from The American Heritage® Dictionary of the English Language, 4th Edition
- n. A tube-shaped optical instrument that is rotated to produce a succession of symmetrical designs by means of mirrors reflecting the constantly changing patterns made by bits of colored glass at one end of the tube.
- n. A constantly changing set of colors.
- n. A series of changing phases or events: a kaleidoscope of illusions.
from Wiktionary, Creative Commons Attribution/Share-Alike License
- n. A tube of mirrors containing loose coloured beads etc. that is rotated to produce a succession of symmetrical designs
- n. A constantly changing set of colours, or other things
from the GNU version of the Collaborative International Dictionary of English
- n. An instrument invented by Sir David Brewster, which contains loose fragments of colored glass, etc., and reflecting surfaces so arranged that changes of position exhibit its contents in an endless variety of beautiful colors and symmetrical forms. It has been much employed in arts of design.
from The Century Dictionary and Cyclopedia
- n. An optical instrument creating and exhibiting, by reflection, a variety of beautiful colors and symmetrical forms.
from WordNet 3.0 Copyright 2006 by Princeton University. All rights reserved.
- n. a complex pattern of constantly changing colors and shapes
- n. an optical toy in a tube; it produces symmetrical patterns as bits of colored glass are reflected by mirrors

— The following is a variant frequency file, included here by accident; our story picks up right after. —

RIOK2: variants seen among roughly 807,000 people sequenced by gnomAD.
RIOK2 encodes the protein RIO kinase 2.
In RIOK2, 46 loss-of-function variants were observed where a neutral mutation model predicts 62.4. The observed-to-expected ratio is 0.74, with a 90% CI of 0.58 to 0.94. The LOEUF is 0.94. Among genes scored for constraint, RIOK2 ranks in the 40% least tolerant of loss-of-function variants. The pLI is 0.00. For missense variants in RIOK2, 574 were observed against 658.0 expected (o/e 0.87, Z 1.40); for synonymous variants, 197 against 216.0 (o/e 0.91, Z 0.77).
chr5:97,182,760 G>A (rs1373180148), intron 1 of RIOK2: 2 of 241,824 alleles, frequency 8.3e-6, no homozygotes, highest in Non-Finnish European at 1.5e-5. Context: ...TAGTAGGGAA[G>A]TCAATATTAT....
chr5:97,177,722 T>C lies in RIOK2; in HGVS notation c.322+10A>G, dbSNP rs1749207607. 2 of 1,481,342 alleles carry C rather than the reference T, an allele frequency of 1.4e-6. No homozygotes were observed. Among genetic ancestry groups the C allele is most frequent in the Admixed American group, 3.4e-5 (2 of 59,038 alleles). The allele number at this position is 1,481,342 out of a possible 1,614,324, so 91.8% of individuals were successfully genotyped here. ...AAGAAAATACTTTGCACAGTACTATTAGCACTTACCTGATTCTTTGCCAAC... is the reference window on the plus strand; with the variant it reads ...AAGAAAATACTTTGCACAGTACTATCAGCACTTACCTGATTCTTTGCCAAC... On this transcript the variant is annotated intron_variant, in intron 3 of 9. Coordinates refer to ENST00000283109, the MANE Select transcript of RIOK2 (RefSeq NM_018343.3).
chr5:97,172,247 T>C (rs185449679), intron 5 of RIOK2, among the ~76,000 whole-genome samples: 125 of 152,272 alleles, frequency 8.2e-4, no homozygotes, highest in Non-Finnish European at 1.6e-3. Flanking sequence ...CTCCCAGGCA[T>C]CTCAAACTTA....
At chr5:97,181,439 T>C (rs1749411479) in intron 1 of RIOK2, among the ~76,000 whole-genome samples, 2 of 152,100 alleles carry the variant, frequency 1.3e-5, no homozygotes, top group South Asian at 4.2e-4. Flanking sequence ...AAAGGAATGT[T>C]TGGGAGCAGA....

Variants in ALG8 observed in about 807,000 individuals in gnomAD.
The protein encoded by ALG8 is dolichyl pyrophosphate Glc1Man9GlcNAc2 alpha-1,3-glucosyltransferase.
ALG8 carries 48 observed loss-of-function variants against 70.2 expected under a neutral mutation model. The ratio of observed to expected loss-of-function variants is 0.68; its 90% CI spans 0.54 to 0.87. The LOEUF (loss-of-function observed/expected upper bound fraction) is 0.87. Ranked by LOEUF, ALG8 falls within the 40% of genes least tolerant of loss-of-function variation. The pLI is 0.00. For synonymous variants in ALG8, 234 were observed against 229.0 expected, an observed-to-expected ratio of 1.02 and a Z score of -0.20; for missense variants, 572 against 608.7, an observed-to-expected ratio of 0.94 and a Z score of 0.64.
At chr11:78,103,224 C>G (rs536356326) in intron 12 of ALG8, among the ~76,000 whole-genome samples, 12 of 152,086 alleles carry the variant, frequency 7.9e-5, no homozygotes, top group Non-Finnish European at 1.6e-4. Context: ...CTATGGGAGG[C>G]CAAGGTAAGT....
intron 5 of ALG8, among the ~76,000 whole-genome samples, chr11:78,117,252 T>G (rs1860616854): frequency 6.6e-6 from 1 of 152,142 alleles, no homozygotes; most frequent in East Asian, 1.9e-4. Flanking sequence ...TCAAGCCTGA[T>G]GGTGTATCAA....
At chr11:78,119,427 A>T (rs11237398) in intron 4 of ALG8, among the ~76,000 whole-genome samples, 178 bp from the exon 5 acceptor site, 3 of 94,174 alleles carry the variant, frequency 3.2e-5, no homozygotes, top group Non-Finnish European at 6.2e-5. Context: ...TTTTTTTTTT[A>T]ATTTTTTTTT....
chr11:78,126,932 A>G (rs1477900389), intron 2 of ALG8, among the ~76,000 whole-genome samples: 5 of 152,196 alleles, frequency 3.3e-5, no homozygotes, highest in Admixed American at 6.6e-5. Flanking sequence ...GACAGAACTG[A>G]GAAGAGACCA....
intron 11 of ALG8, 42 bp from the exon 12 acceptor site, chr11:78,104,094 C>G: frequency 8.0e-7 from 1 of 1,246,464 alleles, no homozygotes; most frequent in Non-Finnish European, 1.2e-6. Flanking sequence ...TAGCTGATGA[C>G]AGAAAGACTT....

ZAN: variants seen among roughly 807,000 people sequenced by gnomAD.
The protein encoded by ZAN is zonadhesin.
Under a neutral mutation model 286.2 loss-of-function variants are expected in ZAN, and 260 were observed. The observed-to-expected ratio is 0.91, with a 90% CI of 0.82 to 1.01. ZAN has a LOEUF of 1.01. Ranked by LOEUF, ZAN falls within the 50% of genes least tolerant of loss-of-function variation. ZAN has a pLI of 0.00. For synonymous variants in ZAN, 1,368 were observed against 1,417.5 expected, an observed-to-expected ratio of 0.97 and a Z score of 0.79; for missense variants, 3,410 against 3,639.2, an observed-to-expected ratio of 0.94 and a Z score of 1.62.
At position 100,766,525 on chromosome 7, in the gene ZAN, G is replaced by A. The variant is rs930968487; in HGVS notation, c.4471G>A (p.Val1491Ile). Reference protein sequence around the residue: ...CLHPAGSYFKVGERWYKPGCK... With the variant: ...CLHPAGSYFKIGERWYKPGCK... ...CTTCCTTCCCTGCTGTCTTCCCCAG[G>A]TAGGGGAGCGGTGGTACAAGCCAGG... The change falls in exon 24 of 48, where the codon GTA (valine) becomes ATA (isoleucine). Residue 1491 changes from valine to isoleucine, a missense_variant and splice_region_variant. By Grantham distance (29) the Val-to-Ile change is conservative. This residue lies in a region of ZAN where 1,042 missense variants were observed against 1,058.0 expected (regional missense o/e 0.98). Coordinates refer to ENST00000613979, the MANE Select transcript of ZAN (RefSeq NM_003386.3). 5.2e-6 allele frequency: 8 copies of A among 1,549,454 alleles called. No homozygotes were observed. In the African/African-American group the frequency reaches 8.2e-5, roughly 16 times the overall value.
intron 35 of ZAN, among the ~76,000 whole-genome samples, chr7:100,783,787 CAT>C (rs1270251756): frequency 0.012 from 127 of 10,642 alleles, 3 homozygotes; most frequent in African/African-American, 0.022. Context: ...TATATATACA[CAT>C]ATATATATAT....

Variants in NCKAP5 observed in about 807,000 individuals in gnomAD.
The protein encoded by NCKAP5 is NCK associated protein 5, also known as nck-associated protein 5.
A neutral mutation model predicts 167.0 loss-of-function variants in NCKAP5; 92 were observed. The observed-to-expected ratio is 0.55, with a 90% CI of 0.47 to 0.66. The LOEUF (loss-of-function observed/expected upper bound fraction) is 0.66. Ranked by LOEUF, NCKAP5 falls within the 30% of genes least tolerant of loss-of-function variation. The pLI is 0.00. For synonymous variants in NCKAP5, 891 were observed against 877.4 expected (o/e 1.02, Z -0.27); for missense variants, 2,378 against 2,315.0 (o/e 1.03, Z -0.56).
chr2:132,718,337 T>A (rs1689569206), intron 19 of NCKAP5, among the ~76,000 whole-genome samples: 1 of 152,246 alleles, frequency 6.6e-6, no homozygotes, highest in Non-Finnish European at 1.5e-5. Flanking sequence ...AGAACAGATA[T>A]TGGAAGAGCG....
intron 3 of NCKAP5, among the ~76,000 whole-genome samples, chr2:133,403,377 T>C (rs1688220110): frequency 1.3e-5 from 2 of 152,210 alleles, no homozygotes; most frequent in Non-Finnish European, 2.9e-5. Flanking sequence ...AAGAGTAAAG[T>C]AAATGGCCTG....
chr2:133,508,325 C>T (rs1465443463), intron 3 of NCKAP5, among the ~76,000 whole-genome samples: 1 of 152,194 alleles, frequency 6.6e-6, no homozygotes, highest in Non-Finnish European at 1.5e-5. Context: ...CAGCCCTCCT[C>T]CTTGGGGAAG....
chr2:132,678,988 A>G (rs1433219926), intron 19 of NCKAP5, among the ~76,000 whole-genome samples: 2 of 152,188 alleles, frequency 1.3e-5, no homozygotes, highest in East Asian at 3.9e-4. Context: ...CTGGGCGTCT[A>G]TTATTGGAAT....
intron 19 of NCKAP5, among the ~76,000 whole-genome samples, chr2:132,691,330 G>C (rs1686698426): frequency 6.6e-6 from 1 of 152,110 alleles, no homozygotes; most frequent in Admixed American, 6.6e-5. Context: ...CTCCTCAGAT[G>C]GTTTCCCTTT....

When in motion, a kaleidoscope is produced which would make a peacock envious.
So far today we have examined the economic kaleidoscope from a perspective of macroeconomics - that's a buzzword favoured by economists looking at the big picture.
It was displayed in kaleidoscope for all the world to see at those Diamond Jubilee celebrations, in which men in varied uniforms gathered from all the far corners of the seven seas to march in procession and do honour to the great Queen Empress.
Verily the French kaleidoscope is very prettily turned!
A self-described "Missoni junkie," Mr. Jones lauded the family for their designs characterized by a "kaleidoscope of bold hues, zigzags, stripes, waves, flames, geometric patchworks and floral jacquards."
Boutrous refers to a "kaleidoscope of claims, defenses, issues, locales, events and individuals" that he will tell the justices simply cannot be folded into a single class-action case.
Somewhere in the kaleidoscope is the observation that, possibly for the first time in its history, The Daily Telegraph carried less news on its front page than The Sun.
Whistler, or a good Japanese print, might be described as a kaleidoscope suddenly arrested and transfixed at the moment of most exquisite relations in the pieces of glass.
Many other pleasing examples could be cited if further turnings of the kaleidoscope were a real need, but this slender discourse is as long now as it should be.
A kaleidoscope is the tool that helps make sense of the mess.
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